units yes i'm agree the unit system is quite mysterious for me, in France we have the decimal measures wich seems so simple than the anglo saxon system of measures ( inch foot oz pounds)
i'm sure anglo saxon school lost a lot of children just because that!
 

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The imperial measurement system has roots older than the adoption of Arabic numerals in Europe. It does't conform to a decimal number system since a decimal number system was not what was used prior to the 1500s. For common everyday tasks a measurement system that is based on factors of 3 and 2 is pretty useful.

It is my understanding that France's development of metric was more a political decision than a practical one. I could of course be mistaken, a prerogative of Anglos / Americans such as myself.
 

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Discussion Starter · #58 · (Edited)
The imperial measurement system has roots older than the adoption of Arabic numerals in Europe. It does't conform to a decimal number system since a decimal number system was not what was used prior to the 1500s. For common everyday tasks a measurement system that is based on factors of 3 and 2 is pretty useful.

It is my understanding that France's development of metric was more a political decision than a practical one. I could of course be mistaken, a prerogative of Anglos / Americans such as myself.
Not so much adopted for political reasons but because Imperial became totally impractical for trade, and could be faked and fuzzed for tax evasion and gain. The goal was to use universal constants as they are reliable.

Weighing things portably and reliably became easier with the adoption of the kilogram which was based on the newly defined unit of 1 litre of water, a constant, itself based on the cubic centimeter. Anyone could use that as a reference. The metre was derived from the known size of our planet and was put into platinum as a reference object.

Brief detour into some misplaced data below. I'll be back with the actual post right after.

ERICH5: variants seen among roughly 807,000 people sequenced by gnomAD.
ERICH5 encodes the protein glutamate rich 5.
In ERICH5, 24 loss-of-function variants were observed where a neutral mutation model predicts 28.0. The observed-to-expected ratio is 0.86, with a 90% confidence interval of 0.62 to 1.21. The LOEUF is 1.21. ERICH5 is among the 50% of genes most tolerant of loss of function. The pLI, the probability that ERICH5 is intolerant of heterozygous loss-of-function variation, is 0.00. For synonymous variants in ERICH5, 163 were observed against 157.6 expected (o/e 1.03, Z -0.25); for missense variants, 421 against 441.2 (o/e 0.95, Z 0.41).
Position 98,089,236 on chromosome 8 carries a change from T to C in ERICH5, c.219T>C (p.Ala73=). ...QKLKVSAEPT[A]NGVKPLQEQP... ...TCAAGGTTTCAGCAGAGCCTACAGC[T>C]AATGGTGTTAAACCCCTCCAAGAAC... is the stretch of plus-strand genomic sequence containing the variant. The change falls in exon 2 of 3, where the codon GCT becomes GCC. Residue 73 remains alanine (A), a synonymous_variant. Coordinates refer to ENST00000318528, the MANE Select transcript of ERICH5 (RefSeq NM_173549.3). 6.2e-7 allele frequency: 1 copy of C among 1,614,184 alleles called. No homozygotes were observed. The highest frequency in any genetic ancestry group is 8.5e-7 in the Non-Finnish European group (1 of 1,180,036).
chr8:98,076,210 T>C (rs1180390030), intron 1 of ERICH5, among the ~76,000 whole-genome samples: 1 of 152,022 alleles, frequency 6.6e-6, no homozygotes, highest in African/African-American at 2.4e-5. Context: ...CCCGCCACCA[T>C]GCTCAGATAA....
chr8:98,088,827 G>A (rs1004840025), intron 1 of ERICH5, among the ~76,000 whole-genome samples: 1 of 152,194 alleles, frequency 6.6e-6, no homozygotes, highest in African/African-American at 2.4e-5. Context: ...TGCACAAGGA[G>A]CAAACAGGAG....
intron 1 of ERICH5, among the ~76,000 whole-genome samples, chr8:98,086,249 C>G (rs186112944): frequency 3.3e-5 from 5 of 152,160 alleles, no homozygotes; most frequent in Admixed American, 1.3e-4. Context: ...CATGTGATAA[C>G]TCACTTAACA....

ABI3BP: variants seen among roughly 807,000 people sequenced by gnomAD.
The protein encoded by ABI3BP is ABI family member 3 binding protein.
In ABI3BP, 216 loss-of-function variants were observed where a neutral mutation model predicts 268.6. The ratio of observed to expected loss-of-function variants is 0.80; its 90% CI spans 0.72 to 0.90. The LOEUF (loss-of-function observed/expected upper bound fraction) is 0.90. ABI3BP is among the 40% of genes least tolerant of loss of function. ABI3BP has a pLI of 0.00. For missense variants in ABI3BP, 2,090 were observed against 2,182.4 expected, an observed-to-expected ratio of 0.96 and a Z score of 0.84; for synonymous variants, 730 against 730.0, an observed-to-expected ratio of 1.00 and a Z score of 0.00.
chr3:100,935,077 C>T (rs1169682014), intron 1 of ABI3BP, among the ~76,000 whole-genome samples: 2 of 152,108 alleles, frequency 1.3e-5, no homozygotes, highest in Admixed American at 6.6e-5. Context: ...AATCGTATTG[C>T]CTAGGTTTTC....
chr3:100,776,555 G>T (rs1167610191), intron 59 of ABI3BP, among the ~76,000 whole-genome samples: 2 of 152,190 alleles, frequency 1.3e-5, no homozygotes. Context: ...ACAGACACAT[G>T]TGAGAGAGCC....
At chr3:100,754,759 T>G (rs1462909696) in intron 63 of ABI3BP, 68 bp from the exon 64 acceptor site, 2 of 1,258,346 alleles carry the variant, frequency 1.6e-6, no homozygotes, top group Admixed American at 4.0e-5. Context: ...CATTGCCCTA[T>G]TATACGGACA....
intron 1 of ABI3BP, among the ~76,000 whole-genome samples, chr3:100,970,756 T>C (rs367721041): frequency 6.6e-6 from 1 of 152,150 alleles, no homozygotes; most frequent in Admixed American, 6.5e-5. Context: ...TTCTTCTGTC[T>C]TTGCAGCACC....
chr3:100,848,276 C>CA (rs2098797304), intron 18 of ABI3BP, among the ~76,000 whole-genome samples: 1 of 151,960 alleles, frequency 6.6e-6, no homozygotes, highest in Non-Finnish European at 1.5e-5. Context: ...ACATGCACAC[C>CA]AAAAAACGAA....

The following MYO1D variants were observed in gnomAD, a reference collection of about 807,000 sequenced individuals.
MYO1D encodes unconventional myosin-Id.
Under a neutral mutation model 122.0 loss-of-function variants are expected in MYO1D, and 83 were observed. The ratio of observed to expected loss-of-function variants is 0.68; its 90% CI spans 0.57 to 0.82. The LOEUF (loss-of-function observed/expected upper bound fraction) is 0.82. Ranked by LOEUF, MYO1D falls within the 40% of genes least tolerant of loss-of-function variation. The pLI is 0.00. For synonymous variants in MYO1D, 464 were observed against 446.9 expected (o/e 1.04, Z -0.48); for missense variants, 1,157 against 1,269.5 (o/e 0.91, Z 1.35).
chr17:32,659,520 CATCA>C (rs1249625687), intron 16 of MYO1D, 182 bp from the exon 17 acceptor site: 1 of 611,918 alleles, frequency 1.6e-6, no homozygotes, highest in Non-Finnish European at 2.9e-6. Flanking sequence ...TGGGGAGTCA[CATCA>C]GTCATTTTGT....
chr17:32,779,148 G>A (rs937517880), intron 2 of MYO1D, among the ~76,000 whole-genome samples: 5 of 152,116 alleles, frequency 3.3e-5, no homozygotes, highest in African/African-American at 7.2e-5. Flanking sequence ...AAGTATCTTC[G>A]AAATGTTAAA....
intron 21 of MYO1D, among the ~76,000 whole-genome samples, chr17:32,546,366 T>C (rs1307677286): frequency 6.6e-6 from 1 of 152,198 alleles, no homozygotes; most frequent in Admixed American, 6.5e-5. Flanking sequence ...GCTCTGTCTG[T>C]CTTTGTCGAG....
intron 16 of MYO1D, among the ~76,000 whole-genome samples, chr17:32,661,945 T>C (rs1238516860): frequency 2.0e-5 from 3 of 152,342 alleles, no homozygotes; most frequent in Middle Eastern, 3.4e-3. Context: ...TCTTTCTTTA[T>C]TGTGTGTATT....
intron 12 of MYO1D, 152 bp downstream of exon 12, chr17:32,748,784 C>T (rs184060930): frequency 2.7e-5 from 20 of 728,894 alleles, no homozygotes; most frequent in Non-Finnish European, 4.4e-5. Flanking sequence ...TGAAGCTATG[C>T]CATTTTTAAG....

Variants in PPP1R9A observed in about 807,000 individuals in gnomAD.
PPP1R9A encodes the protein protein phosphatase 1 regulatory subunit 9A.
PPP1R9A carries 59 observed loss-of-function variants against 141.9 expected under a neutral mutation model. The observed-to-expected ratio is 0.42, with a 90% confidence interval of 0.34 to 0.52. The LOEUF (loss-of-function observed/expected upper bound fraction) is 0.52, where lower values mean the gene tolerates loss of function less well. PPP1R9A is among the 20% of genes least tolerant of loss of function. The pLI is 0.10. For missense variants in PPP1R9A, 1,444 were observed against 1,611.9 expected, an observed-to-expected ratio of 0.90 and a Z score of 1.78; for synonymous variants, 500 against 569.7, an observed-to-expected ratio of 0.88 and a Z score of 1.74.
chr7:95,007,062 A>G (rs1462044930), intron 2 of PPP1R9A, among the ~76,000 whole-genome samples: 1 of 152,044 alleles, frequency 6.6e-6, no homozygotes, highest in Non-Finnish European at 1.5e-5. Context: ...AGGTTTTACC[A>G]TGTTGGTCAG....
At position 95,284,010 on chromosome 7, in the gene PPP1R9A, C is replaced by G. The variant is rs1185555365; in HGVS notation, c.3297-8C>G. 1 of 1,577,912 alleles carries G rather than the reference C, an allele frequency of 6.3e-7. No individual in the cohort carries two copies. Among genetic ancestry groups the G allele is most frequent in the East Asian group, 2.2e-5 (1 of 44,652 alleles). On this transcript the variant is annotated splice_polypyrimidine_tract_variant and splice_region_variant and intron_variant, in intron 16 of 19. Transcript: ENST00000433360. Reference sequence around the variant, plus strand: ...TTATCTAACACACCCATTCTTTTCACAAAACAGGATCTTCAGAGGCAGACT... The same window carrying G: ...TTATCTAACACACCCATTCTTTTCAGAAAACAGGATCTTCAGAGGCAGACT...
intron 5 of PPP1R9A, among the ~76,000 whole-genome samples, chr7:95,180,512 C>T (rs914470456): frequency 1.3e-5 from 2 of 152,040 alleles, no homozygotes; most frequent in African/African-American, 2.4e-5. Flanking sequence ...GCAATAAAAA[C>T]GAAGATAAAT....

Maxwell then kicked off a bunch of new units derived from universal constants discovered in electromagnetics. Later Hertz gave us the 1 oscillation per second we used today, kicked off radio and formed the basis of all modern communications. No rocket to the moon, nor computation, nor modern sciences without metric!

That said I really like how Imperial stores so much history. Fun teaching it to a kid, however weird. Lots of laughs and head scratching.

I get what your saying about Imperial being practical for rough measurements though. Sometimes use it myself, outside the olde world of Archery.

EDIT: later the metre was altered to be a derived unit from the constant of the speed of light (once folk had worked out how fast that was, and what it was). Pretty beautiful system IMO.
 

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It is my understanding that France's development of metric was more a political decision than a practical one. I could of course be mistaken, a prerogative of Anglos / Americans such as myself.
may be a political reason but behind this political there is a lot of science mind too.
i'm talking about décimal system and not metric system particulary? metric is decimal.
i criticise the anglo saxon sustem not easy for calculating.
one pound = 16 ounce.
one kilo = 10 hectogramme= 100 decagrammes= 1000 grammes it's decimal unbeatable for the simplicity